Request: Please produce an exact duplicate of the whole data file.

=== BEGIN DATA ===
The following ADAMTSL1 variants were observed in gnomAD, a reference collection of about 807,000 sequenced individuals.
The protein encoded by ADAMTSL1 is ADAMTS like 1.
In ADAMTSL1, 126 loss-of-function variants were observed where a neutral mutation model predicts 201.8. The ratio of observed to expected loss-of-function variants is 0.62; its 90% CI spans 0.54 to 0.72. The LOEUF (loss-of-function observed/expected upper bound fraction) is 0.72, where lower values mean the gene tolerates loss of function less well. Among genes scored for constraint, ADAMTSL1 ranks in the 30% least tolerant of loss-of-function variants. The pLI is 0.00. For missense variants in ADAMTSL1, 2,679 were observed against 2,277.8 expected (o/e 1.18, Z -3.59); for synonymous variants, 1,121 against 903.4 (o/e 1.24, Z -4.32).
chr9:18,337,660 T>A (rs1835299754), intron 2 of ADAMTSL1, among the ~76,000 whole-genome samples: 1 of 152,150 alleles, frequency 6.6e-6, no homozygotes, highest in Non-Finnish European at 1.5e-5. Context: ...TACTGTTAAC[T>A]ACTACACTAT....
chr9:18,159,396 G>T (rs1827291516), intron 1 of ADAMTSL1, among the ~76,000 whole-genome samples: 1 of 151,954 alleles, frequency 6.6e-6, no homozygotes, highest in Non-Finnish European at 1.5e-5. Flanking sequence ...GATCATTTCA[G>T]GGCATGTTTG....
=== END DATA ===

The following ADAMTSL1 variants were observed in gnomAD, a reference collection of about 807,000 sequenced individuals.
The protein encoded by ADAMTSL1 is ADAMTS like 1.
In ADAMTSL1, 126 loss-of-function variants were observed where a neutral mutation model predicts 201.8. The ratio of observed to expected loss-of-function variants is 0.62; its 90% CI spans 0.54 to 0.72. The LOEUF (loss-of-function observed/expected upper bound fraction) is 0.72, where lower values mean the gene tolerates loss of function less well. Among genes scored for constraint, ADAMTSL1 ranks in the 30% least tolerant of loss-of-function variants. The pLI is 0.00. For missense variants in ADAMTSL1, 2,679 were observed against 2,277.8 expected (o/e 1.18, Z -3.59); for synonymous variants, 1,121 against 903.4 (o/e 1.24, Z -4.32).
chr9:18,337,660 T>A (rs1835299754), intron 2 of ADAMTSL1, among the ~76,000 whole-genome samples: 1 of 152,150 alleles, frequency 6.6e-6, no homozygotes, highest in Non-Finnish European at 1.5e-5. Context: ...TACTGTTAAC[T>A]ACTACACTAT....
chr9:18,159,396 G>T (rs1827291516), intron 1 of ADAMTSL1, among the ~76,000 whole-genome samples: 1 of 151,954 alleles, frequency 6.6e-6, no homozygotes, highest in Non-Finnish European at 1.5e-5. Flanking sequence ...GATCATTTCA[G>T]GGCATGTTTG....